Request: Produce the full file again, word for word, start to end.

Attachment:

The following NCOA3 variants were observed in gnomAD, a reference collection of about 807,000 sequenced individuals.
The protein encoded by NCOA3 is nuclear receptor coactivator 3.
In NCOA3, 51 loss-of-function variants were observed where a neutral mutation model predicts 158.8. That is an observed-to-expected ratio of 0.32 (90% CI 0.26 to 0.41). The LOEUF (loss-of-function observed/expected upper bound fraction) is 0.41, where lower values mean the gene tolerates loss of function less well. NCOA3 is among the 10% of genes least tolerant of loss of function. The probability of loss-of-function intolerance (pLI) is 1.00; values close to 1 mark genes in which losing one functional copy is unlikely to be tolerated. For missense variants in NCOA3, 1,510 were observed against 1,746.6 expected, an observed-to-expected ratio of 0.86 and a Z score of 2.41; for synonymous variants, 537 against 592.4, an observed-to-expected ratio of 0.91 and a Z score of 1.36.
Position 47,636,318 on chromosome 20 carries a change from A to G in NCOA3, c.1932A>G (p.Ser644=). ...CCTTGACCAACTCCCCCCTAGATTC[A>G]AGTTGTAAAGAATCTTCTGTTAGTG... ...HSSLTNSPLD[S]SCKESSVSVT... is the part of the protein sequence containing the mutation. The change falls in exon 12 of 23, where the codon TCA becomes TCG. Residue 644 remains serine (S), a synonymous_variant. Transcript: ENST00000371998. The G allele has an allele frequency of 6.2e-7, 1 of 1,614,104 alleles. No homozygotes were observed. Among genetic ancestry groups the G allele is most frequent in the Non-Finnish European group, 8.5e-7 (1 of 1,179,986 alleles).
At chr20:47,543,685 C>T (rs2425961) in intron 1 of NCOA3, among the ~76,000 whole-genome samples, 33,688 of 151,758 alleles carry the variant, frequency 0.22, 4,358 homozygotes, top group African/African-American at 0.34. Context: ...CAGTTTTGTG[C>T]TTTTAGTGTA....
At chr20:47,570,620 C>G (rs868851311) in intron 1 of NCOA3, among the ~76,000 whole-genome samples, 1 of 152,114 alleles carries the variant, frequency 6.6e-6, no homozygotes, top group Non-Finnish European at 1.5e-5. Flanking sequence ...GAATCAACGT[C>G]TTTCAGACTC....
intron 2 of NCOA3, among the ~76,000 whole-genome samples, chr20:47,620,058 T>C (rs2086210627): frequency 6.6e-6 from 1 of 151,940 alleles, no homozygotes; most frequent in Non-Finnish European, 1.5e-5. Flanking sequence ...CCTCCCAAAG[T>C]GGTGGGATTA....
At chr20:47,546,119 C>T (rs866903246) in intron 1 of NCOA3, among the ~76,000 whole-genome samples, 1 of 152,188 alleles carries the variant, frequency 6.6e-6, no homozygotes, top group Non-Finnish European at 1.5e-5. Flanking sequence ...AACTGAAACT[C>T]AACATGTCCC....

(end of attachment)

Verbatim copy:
The following NCOA3 variants were observed in gnomAD, a reference collection of about 807,000 sequenced individuals.
The protein encoded by NCOA3 is nuclear receptor coactivator 3.
In NCOA3, 51 loss-of-function variants were observed where a neutral mutation model predicts 158.8. That is an observed-to-expected ratio of 0.32 (90% CI 0.26 to 0.41). The LOEUF (loss-of-function observed/expected upper bound fraction) is 0.41, where lower values mean the gene tolerates loss of function less well. NCOA3 is among the 10% of genes least tolerant of loss of function. The probability of loss-of-function intolerance (pLI) is 1.00; values close to 1 mark genes in which losing one functional copy is unlikely to be tolerated. For missense variants in NCOA3, 1,510 were observed against 1,746.6 expected, an observed-to-expected ratio of 0.86 and a Z score of 2.41; for synonymous variants, 537 against 592.4, an observed-to-expected ratio of 0.91 and a Z score of 1.36.
Position 47,636,318 on chromosome 20 carries a change from A to G in NCOA3, c.1932A>G (p.Ser644=). ...CCTTGACCAACTCCCCCCTAGATTC[A>G]AGTTGTAAAGAATCTTCTGTTAGTG... ...HSSLTNSPLD[S]SCKESSVSVT... is the part of the protein sequence containing the mutation. The change falls in exon 12 of 23, where the codon TCA becomes TCG. Residue 644 remains serine (S), a synonymous_variant. Transcript: ENST00000371998. The G allele has an allele frequency of 6.2e-7, 1 of 1,614,104 alleles. No homozygotes were observed. Among genetic ancestry groups the G allele is most frequent in the Non-Finnish European group, 8.5e-7 (1 of 1,179,986 alleles).
At chr20:47,543,685 C>T (rs2425961) in intron 1 of NCOA3, among the ~76,000 whole-genome samples, 33,688 of 151,758 alleles carry the variant, frequency 0.22, 4,358 homozygotes, top group African/African-American at 0.34. Context: ...CAGTTTTGTG[C>T]TTTTAGTGTA....
At chr20:47,570,620 C>G (rs868851311) in intron 1 of NCOA3, among the ~76,000 whole-genome samples, 1 of 152,114 alleles carries the variant, frequency 6.6e-6, no homozygotes, top group Non-Finnish European at 1.5e-5. Flanking sequence ...GAATCAACGT[C>G]TTTCAGACTC....
intron 2 of NCOA3, among the ~76,000 whole-genome samples, chr20:47,620,058 T>C (rs2086210627): frequency 6.6e-6 from 1 of 151,940 alleles, no homozygotes; most frequent in Non-Finnish European, 1.5e-5. Flanking sequence ...CCTCCCAAAG[T>C]GGTGGGATTA....
At chr20:47,546,119 C>T (rs866903246) in intron 1 of NCOA3, among the ~76,000 whole-genome samples, 1 of 152,188 alleles carries the variant, frequency 6.6e-6, no homozygotes, top group Non-Finnish European at 1.5e-5. Flanking sequence ...AACTGAAACT[C>T]AACATGTCCC....